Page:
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Emotion Regulation in Cultural Contexts : Implications for Social Adaptation and Subjective Well-Being

Emotion Regulation in Cultural Contexts : Implications for Social Adaptation and Subjective Well-Being

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SCHUNK, Fabian, 2022. Emotion Regulation in Cultural Contexts : Implications for Social Adaptation and Subjective Well-Being [Dissertation]. Konstanz: University of Konstanz

@phdthesis{Schunk2022Emoti-59006, title={Emotion Regulation in Cultural Contexts : Implications for Social Adaptation and Subjective Well-Being}, year={2022}, author={Schunk, Fabian}, address={Konstanz}, school={Universität Konstanz} }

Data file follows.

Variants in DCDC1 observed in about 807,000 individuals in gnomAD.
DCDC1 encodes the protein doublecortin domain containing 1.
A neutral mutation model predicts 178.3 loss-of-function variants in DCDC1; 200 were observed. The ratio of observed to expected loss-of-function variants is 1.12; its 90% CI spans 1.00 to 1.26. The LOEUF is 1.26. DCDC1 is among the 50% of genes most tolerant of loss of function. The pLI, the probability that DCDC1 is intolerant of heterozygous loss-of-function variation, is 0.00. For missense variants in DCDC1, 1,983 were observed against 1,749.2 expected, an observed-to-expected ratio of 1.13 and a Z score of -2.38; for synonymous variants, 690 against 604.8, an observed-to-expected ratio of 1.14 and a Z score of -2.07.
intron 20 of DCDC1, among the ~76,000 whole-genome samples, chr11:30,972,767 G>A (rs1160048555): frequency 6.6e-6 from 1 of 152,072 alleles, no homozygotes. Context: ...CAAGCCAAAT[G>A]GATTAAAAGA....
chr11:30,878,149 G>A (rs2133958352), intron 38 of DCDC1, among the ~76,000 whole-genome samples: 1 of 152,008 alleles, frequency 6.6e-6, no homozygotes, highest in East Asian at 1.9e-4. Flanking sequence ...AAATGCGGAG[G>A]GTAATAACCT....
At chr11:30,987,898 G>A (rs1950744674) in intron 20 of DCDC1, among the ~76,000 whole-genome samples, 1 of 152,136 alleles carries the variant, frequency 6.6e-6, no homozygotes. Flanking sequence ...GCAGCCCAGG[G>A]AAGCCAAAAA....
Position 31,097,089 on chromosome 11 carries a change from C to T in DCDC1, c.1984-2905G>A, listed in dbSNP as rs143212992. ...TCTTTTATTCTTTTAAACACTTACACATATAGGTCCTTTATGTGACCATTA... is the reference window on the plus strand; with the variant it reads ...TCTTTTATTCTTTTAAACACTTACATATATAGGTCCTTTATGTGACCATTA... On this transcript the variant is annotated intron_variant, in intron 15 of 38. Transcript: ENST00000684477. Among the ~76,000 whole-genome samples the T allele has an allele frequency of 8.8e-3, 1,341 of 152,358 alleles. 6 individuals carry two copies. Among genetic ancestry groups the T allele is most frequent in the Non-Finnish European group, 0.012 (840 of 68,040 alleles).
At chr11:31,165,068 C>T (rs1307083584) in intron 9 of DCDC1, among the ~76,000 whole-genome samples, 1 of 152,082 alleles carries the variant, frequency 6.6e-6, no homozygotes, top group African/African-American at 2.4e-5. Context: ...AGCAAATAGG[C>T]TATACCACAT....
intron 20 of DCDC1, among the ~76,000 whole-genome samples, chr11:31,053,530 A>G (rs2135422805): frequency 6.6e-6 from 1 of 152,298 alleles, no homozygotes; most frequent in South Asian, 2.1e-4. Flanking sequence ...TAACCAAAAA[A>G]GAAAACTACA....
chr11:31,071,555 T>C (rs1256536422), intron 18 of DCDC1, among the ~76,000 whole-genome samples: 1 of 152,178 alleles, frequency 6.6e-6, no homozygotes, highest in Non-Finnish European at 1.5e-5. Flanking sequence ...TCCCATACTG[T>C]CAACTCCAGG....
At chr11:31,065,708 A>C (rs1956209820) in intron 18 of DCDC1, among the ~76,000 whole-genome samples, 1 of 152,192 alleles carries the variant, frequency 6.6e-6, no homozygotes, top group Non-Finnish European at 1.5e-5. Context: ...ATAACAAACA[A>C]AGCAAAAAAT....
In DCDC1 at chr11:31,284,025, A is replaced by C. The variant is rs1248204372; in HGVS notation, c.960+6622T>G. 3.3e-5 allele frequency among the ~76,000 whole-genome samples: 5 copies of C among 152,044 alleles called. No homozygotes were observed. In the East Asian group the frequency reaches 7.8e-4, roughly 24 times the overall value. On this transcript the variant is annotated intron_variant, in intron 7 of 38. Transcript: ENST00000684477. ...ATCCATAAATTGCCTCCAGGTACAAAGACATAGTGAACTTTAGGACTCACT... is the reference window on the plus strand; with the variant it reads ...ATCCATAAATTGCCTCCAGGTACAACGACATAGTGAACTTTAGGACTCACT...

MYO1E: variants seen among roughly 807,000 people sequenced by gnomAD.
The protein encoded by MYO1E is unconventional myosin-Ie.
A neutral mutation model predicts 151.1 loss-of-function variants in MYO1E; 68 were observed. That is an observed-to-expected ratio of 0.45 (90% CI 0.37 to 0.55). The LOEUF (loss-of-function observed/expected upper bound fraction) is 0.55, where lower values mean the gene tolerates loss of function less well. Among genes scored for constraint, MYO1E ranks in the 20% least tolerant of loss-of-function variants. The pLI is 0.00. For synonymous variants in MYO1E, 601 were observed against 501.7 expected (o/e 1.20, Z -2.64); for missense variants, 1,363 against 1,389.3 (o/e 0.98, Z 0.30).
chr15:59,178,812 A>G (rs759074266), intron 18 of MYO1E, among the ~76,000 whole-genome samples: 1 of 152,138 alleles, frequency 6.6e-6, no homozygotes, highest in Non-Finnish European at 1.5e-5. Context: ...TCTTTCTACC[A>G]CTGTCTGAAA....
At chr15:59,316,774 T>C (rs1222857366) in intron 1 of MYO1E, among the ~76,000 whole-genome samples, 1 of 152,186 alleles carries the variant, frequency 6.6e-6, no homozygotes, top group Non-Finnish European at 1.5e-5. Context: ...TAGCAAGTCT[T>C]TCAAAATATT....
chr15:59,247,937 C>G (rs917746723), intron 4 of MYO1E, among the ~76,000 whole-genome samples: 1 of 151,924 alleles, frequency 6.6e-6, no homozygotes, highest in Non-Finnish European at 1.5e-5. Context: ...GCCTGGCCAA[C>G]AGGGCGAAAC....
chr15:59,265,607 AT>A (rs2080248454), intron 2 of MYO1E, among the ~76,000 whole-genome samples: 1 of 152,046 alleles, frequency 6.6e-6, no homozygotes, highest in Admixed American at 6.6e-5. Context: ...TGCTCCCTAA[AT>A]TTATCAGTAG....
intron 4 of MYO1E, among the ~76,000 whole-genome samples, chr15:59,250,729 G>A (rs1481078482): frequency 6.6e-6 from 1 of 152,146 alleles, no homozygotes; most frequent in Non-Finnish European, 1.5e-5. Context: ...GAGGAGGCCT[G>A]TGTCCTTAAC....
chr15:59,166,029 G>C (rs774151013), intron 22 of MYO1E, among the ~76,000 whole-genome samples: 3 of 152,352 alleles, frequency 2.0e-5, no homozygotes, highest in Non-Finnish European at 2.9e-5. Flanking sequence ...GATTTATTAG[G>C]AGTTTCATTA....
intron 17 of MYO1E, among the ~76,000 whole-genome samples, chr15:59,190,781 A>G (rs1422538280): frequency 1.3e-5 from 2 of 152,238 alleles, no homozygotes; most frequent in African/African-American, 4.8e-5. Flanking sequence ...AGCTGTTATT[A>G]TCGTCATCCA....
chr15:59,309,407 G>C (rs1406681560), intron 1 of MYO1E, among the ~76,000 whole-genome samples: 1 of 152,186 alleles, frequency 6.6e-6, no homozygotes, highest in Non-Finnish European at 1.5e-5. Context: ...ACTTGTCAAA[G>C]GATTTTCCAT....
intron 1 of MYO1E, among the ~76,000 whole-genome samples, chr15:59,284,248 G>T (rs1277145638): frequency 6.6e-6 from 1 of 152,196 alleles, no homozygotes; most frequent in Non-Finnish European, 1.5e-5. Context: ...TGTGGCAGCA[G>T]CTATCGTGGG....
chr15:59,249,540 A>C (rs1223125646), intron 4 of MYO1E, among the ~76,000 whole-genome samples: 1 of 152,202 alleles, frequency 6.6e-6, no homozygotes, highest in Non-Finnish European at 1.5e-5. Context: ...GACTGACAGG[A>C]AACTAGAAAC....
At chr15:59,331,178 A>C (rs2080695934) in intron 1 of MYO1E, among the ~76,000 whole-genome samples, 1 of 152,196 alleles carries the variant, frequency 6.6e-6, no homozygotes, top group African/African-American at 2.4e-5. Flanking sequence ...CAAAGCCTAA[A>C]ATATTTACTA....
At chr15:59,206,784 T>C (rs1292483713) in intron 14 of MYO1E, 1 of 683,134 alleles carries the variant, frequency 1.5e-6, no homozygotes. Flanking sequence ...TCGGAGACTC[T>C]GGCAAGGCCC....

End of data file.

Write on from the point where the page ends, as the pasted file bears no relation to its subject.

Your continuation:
eng 2022-11-03T10:08:12Z Schunk, Fabian 2022-11-03T10:08:12Z 2022 Emotion Regulation in Cultural Contexts : Implications for Social Adaptation and Subjective Well-Being Schunk, Fabian Attribution-NonCommercial-NoDerivatives 4.0 International Decades of research underscore the importance of emotion regulation for social adaptation, subjective well-being, and mental health. However, the psychological consequences of emotion regulation may vary across cultures due to different social norms and values for the experience and expression of emotions. In the present dissertation, I describe four studies that examine how emotion regulation is related to indices of social adaptation and subjective well-being among individuals from diverse cultural contexts (i.e., Germany, Hong Kong, and Japan).<br />Study 1 focused on cultural differences in the associations of distinct emotion regulation strategies (i.e., rumination, reappraisal, and suppression) with perceived social support and life satisfaction among university students from Germany (N = 148), Hong Kong (N = 125), and Japan (N = 127). Suppression was related to lower life satisfaction and less social support among Germans, but not among Hong Kong Chinese and Japanese. Notably, the negative relationship between suppression and life satisfaction in the German sample was completely mediated by social support. Further, for Germans and Hong Kong Chinese, social support partially mediated a positive relationship between reappraisal and life satisfaction, and a negative relationship between rumination and life satisfaction.<br />Study 2 expanded the first study by assessing further emotion regulation strategies that distinguished between the regulation of positive and negative emotions. Associations of emotion regulation with mental health (i.e., higher subjective well-being, less depressive symptoms) were examined among 524 Japanese and 476 German-speaking (Austrians and Germans, in the following “Germans”) university students. Across cultures, distraction from negative emotions, savoring positive emotions, and reappraisal were related to better mental health, whereas distraction from positive emotions and ruminating on negative experiences were related to worse mental health. The link between rumination and lower well-being was significantly weaker among Japanese as compared to Germans. Expressive suppression was related to lower mental health only among Germans. Contrary to the German pattern, suppressing negative emotions out of empathic concern was associated with better mental health among Japanese via higher endorsement of an interdependent self-construal.<br />Study 3 took a closer look on two core facets of an interdependent self-construal, harmony seeking and rejection avoidance, and their role in shaping emotion regulation, perceived social support by friends, and life satisfaction across cultures. Participants were university students from Germany (N = 129), Hong Kong (N = 136), and Japan (N = 123). Across cultures, harmony seeking was positively, while rejection avoidance was negatively related to indices of psychological functioning (life satisfaction and/or social support). For Germans, rejection avoidance was related to dysfunctional emotion regulation (more rumination, less reappraisal, more suppression). These emotion regulation strategies completely mediated the negative link between rejection avoidance and life satisfaction among Germans. In contrast, rejection avoidance was only weakly related to emotional dysregulation among Hong Kong Chinese and Japanese.<br />Finally, Study 4 examined the longitudinal effects of emotion regulation ability (i.e., low neuroticism) on life satisfaction and aspects of social adaptation in a nationally representative adult sample from Germany (N = 11,079). Cross-lagged panel models indicated that higher neuroticism predicted declined life satisfaction, increased loneliness, decreased number of close friends, and reduced interpersonal trust after 4–5 years, but not vice versa. Half-longitudinal mediation models further revealed that each indicator of social adaptation partially mediated the longitudinal effect of neuroticism on life satisfaction. Exploratory multigroup analyses supported the generalization of the detrimental effects of neuroticism on social adaptation and life satisfaction across age, gender, and geographical regions (East versus West Germany).<br />In sum, the present dissertation contributes to a better understanding of the sociocultural conditions and consequences of emotion regulation by examining associations of emotion regulation with social adaptation and subjective well-being among individuals from diverse cultural contexts. In terms of underlying mechanisms, cultural differences might be explained by individuals’ self-construals or specific facets of an interdependent self, such as harmony seeking and rejection avoidance. Yet, further research is needed to test whether the examined variables causally affect each other. The findings within this dissertation emphasize the role of culture in shaping emotional processes and may inform future research as well as practical interventions (e.g., culture-sensitive psychotherapy).